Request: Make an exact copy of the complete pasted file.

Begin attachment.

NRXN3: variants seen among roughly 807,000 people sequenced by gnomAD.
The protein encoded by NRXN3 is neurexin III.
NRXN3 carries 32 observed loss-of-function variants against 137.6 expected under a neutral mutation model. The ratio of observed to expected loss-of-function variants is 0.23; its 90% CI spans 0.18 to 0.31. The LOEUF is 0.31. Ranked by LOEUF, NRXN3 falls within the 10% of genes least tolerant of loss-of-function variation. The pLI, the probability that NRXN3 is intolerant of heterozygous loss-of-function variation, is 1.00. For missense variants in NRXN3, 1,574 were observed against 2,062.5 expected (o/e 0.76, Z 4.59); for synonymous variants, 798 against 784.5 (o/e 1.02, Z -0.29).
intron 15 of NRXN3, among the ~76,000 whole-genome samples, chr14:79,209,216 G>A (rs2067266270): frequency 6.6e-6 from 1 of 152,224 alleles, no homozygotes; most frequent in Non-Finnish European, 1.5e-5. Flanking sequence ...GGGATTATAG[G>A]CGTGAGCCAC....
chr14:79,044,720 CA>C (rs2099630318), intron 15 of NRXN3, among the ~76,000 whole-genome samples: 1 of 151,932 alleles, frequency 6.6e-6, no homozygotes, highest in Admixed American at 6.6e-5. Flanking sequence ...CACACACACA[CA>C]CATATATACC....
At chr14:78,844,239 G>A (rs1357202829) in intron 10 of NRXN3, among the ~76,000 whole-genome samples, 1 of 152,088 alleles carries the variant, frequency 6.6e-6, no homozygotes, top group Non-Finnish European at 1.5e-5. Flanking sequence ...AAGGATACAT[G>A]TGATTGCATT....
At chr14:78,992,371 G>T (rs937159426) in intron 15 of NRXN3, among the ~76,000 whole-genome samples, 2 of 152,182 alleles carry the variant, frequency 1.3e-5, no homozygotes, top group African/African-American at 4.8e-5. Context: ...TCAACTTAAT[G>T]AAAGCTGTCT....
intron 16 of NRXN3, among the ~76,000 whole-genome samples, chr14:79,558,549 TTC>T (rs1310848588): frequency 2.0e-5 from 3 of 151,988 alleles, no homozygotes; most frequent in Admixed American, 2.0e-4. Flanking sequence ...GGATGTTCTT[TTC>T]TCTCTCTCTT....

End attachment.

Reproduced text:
NRXN3: variants seen among roughly 807,000 people sequenced by gnomAD.
The protein encoded by NRXN3 is neurexin III.
NRXN3 carries 32 observed loss-of-function variants against 137.6 expected under a neutral mutation model. The ratio of observed to expected loss-of-function variants is 0.23; its 90% CI spans 0.18 to 0.31. The LOEUF is 0.31. Ranked by LOEUF, NRXN3 falls within the 10% of genes least tolerant of loss-of-function variation. The pLI, the probability that NRXN3 is intolerant of heterozygous loss-of-function variation, is 1.00. For missense variants in NRXN3, 1,574 were observed against 2,062.5 expected (o/e 0.76, Z 4.59); for synonymous variants, 798 against 784.5 (o/e 1.02, Z -0.29).
intron 15 of NRXN3, among the ~76,000 whole-genome samples, chr14:79,209,216 G>A (rs2067266270): frequency 6.6e-6 from 1 of 152,224 alleles, no homozygotes; most frequent in Non-Finnish European, 1.5e-5. Flanking sequence ...GGGATTATAG[G>A]CGTGAGCCAC....
chr14:79,044,720 CA>C (rs2099630318), intron 15 of NRXN3, among the ~76,000 whole-genome samples: 1 of 151,932 alleles, frequency 6.6e-6, no homozygotes, highest in Admixed American at 6.6e-5. Flanking sequence ...CACACACACA[CA>C]CATATATACC....
At chr14:78,844,239 G>A (rs1357202829) in intron 10 of NRXN3, among the ~76,000 whole-genome samples, 1 of 152,088 alleles carries the variant, frequency 6.6e-6, no homozygotes, top group Non-Finnish European at 1.5e-5. Flanking sequence ...AAGGATACAT[G>A]TGATTGCATT....
At chr14:78,992,371 G>T (rs937159426) in intron 15 of NRXN3, among the ~76,000 whole-genome samples, 2 of 152,182 alleles carry the variant, frequency 1.3e-5, no homozygotes, top group African/African-American at 4.8e-5. Context: ...TCAACTTAAT[G>T]AAAGCTGTCT....
intron 16 of NRXN3, among the ~76,000 whole-genome samples, chr14:79,558,549 TTC>T (rs1310848588): frequency 2.0e-5 from 3 of 151,988 alleles, no homozygotes; most frequent in Admixed American, 2.0e-4. Flanking sequence ...GGATGTTCTT[TTC>T]TCTCTCTCTT....